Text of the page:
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During development, components had been tested beyond design strength, far in excess of requirements; but fatigue was not properly understood at the time. The tragedies and subsequent investigation affected the entire industry.


On 26 October 1952, G-ALYZ suffered a ground stall while attempting take-off from Rome. Nobody was seriously hurt, but the aircraft was a total loss. On 2 March 1953, CF-CUN had a similar accident at Karachi, but it hit a bank hard, and all eleven people on board were killed.

Early jets were prone to ground-stall, which was covered in documentation and training. The pilots were blamed for the accidents, but this was hardly satisfactory. One of the DH-108 prototypes had been used to test retractable slats, but it would be years before they were reliable. An interim solution was to give the leading edge of the wing a slight droop. Cunningham demonstrated that a fully-laden Comet with this modification could take off while dragging the tail on the ground, making a ground stall practically impossible.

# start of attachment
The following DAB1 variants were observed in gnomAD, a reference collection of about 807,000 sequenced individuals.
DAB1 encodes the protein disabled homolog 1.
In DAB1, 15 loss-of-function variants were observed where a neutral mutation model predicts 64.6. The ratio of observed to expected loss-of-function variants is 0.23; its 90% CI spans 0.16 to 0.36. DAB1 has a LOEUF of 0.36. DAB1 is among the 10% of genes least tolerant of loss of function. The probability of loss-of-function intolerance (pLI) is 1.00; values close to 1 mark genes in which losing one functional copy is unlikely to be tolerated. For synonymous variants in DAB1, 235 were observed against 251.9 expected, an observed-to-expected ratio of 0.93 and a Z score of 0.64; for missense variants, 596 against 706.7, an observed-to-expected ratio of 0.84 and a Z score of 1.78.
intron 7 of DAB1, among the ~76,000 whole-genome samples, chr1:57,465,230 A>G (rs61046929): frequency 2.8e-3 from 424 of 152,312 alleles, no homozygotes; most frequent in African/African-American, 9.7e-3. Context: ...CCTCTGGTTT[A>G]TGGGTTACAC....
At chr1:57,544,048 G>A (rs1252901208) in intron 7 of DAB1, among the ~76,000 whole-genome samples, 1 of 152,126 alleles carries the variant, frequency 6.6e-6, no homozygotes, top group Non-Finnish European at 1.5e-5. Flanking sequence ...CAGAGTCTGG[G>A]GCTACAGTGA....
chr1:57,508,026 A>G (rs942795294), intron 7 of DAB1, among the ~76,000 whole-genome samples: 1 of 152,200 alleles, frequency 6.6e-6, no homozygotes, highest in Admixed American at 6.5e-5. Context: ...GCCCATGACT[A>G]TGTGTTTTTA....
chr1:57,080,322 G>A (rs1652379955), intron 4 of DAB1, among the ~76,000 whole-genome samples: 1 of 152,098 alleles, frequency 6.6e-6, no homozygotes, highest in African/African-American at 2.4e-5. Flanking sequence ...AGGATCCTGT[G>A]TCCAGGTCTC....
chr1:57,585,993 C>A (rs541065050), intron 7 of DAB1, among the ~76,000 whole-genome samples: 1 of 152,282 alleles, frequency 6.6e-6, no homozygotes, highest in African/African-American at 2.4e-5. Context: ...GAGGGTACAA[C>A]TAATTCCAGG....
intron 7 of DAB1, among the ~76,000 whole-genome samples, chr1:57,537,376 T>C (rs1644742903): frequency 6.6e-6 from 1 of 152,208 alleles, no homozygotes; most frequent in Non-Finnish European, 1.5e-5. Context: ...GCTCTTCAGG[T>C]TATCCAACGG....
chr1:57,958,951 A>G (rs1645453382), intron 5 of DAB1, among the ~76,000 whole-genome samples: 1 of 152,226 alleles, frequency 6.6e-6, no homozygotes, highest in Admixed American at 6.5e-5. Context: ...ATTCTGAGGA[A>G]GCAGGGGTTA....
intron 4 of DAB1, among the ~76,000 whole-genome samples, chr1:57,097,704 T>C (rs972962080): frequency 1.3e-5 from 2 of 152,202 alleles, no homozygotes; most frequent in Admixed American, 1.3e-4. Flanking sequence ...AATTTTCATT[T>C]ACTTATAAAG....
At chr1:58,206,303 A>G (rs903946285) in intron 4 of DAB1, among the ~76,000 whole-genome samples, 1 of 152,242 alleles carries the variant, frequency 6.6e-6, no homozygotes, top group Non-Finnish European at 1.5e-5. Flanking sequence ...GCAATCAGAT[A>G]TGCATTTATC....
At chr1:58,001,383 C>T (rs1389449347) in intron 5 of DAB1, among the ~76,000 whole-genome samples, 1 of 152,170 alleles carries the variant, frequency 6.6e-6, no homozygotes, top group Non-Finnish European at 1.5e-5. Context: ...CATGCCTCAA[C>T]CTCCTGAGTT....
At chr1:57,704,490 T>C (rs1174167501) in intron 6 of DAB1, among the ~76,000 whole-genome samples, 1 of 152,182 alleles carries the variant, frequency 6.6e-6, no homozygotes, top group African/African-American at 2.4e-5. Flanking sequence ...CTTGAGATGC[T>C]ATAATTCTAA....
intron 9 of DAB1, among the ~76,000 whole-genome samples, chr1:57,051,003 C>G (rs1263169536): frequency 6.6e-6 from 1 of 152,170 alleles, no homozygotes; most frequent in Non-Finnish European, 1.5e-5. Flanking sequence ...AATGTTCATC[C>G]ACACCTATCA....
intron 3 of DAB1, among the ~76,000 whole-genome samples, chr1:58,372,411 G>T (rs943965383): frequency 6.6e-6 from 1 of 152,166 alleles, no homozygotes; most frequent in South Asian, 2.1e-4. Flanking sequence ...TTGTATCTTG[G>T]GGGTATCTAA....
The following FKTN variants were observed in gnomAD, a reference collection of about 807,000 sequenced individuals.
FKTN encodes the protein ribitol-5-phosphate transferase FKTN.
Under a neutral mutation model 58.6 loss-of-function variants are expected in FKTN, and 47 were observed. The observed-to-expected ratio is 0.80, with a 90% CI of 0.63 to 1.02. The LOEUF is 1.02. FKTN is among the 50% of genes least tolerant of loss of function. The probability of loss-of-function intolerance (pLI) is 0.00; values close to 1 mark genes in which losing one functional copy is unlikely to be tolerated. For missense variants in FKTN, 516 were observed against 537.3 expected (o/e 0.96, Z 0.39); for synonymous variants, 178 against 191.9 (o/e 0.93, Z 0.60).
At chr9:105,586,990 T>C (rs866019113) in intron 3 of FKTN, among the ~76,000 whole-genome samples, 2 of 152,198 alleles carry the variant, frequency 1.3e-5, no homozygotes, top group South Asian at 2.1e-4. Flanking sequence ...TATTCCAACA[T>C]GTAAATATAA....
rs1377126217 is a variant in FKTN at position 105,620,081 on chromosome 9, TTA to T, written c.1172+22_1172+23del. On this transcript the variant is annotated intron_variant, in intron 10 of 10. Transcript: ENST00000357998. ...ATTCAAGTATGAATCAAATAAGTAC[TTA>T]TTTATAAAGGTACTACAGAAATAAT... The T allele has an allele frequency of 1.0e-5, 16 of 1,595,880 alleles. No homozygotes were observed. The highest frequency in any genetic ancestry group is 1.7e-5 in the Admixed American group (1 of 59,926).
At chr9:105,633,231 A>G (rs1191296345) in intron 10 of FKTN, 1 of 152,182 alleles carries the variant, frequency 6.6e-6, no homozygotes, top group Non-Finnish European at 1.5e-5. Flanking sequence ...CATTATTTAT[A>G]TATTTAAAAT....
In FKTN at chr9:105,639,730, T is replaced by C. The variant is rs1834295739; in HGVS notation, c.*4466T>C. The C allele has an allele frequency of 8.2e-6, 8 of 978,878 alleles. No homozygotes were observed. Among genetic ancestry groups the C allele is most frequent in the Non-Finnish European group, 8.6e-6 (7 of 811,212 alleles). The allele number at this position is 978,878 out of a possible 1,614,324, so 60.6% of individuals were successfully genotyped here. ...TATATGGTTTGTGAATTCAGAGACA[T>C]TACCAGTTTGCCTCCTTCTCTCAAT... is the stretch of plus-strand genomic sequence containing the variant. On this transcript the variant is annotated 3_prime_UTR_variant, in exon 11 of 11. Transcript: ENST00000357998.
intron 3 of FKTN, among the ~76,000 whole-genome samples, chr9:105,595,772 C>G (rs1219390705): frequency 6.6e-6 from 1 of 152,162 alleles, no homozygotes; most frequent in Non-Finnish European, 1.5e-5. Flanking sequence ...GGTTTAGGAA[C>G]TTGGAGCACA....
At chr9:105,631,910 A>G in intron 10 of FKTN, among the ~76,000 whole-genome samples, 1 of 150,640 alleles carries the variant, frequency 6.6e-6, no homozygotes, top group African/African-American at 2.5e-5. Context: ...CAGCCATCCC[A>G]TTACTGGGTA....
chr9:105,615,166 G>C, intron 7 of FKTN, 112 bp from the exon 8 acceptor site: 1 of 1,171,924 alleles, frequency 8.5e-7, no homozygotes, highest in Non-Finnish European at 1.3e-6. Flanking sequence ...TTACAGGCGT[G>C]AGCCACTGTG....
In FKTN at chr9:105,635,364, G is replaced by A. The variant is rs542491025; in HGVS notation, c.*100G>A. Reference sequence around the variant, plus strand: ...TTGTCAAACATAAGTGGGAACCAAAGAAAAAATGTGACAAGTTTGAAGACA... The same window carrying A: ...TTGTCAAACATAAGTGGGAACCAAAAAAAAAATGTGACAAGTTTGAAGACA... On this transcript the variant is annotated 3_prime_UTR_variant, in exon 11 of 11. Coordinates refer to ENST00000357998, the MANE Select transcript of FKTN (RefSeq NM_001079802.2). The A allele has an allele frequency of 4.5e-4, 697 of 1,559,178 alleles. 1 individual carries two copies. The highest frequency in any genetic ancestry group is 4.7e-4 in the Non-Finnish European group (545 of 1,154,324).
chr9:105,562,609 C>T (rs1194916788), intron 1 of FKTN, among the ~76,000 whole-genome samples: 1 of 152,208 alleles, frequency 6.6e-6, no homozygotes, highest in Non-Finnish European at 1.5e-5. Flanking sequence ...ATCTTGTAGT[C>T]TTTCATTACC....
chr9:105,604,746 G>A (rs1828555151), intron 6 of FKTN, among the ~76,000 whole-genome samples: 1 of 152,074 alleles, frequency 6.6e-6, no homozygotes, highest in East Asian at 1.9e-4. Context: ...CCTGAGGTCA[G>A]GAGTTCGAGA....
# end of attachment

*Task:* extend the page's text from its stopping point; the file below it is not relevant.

On 2 May 1953, BOAC Comet G-ALYV was destroyed near Calcutta during a storm. It caused immediate concern, but accident investigators concluded that the severity of the storm had been violent enough to be the cause. It was a tragedy, but, in the context of air-safety at the time, it did not diminish either public enthusiasm for the Comet, or operators’ willingness to place orders.

On 10 January 1954, a BOAC Comet, G-ALYP, vanished off the coast of Elba. Conditions were perfect; it could only have been a catastrophic failure. All Comets were grounded.

Charles Abell, BOAC deputy operations director, led an investigation. The suspicion was that one of the new technologies had failed: either the engines, hydraulics or pressurisation. With the wreckage in deep water, Abell concluded that engine failure was the most likely cause. 60 precautionary measures were carried out on all aircraft, and flying resumed on 23rd March.

On 8th April, G-ALYY exploded near Naples. All Comets were grounded at once, the certificate of airworthiness was withdrawn, and production stopped. On 21 April 1954, the engines from G-ALYP were recovered, at last. My father, who was working for the Engine Company at the time, remembers the dreadful suspense as they waited till the small hours for the crates to arrive. It didn't take long to find they had been working perfectly when "Yoke Peter" broke up ...

A public inquiry was opened, and Sir Arnold Hall, Director of the RAE, was called to investigate the root cause of the accidents.